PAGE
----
Tuesday, 23 August 2016

Bow Wow Wow at The Garage on 20 August 2016

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/ The original 1980s line-up of Bow Wow Wow: guitarist Matthew Ashman. bassist Leigh Gorman, vocalist Annabella Lwin and drummer David Barbarossa  /

The last time I saw Bow Wow Wow was in 2012 at The Islington Academy and the line-up featured two of the original members: singer Annabella Lwin and bassist Leigh Gorman. Since then, Annabella and Gorman have clearly fallen-out (Bow Wow Wow was always a rancorous band) and she’s now doing her own incarnation of Bow Wow Wow in which she is the sole originator and is backed by entirely new musicians. (Her version of the band is called Annabella’s Original Bow Wow Wow.  Confusingly, Gorman is continuing with his own edition. Seriously, that would be like Blondie touring without Deborah Harry or The Banshees minus Siouxsie). For all I know a lawsuit has been involved at some point between Gorman and Annabella over ownership of the name. In her between-song banter Saturday night at The Garage Annabella said something along the lines of, “If there are any of my original musicians in the crowd tonight, I hope you understand why I need to do this ...”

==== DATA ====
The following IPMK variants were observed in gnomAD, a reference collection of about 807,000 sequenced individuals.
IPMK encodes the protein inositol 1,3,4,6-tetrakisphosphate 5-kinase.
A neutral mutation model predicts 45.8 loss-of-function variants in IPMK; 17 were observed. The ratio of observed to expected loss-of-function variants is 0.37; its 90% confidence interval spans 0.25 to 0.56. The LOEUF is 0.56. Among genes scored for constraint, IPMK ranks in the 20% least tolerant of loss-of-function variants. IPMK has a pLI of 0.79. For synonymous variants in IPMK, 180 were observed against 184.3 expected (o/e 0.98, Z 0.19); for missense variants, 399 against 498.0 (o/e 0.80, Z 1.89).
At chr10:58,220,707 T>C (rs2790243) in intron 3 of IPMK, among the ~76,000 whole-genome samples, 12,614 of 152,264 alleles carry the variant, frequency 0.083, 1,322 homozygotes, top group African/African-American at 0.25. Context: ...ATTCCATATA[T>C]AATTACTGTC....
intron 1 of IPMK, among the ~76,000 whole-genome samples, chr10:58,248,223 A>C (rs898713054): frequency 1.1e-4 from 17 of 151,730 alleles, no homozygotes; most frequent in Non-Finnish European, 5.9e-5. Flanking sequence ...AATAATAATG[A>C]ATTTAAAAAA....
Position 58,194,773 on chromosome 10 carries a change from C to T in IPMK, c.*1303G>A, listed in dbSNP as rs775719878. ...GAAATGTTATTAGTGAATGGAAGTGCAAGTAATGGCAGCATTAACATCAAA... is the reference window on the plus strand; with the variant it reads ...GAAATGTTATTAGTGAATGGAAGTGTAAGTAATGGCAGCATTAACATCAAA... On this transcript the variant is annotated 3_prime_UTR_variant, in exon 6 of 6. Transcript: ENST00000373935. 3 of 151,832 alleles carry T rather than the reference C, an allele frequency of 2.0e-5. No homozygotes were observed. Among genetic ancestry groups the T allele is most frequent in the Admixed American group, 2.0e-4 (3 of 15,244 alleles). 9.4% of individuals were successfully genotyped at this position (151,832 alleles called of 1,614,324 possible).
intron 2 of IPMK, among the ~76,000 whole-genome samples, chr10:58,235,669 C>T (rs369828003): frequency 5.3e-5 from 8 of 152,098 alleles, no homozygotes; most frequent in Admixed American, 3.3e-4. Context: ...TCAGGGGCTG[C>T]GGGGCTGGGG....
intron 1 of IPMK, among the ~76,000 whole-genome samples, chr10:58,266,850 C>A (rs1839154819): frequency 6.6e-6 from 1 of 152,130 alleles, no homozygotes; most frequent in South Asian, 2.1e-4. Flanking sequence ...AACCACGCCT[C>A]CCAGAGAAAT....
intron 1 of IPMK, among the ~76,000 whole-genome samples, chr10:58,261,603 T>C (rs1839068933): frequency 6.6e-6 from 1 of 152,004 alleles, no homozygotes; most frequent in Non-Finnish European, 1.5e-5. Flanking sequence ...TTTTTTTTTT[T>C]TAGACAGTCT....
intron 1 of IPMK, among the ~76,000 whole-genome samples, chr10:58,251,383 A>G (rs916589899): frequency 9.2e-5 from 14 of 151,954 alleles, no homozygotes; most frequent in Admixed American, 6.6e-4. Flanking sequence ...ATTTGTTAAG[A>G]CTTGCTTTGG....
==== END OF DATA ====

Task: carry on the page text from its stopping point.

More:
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Much as I enjoyed Saturday night, the 2012 gig was infinitely better in musical terms. Bow Wow Wow’s best New Wave-era tunes are catchy and minimalist but deceptively complex and sophisticated with African and Latin polyrhythms and surf guitar influences. It felt like the newbies in the band were loud and powerful, but steamrolled over those nuances.


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The 2012 concert really was a definitive greatest hits performance and I couldn’t complain about the track selections. Last night’s set list was weird and patchy. On plus side: essential stone-cold classics like “C30, C60, C90 Go!”, “Louis Quatorze”, “Mile High Club”, “Aphrodisiac”, “WORK”, “I Want My Baby on Mars”, “Baby Oh No”, “See Jungle (Jungle Boy).” They sounded as sexy, funny, punky and exotic as ever. On the downside: no “Uomo Sex Al Apache” (a 2012 concert highlight), “Elimination Dancing”, “Sexy Eiffel Tower”, "TV Savage" or “Chihuahua”. (To be fair, they seemingly never play “Chihuahua” live. I’d argue that song is Bow Wow Wow’s magnum opus.  I suspect this is because Malcolm McLaren forced Annabella to sing lyrics like “I can’t dance / And I can’t sing / I can’t do anything ...  I’m a rock’n’roll puppet in a band called Bow Wow Wow .. I’m a horrid little idiot / can’t you see ...” etc). They treated “I Want Candy” as the climactic big finale – understandably, because it was their biggest chart hit but it’s not their best song by a long shot (I bet Annabella is secretly sick to death of it).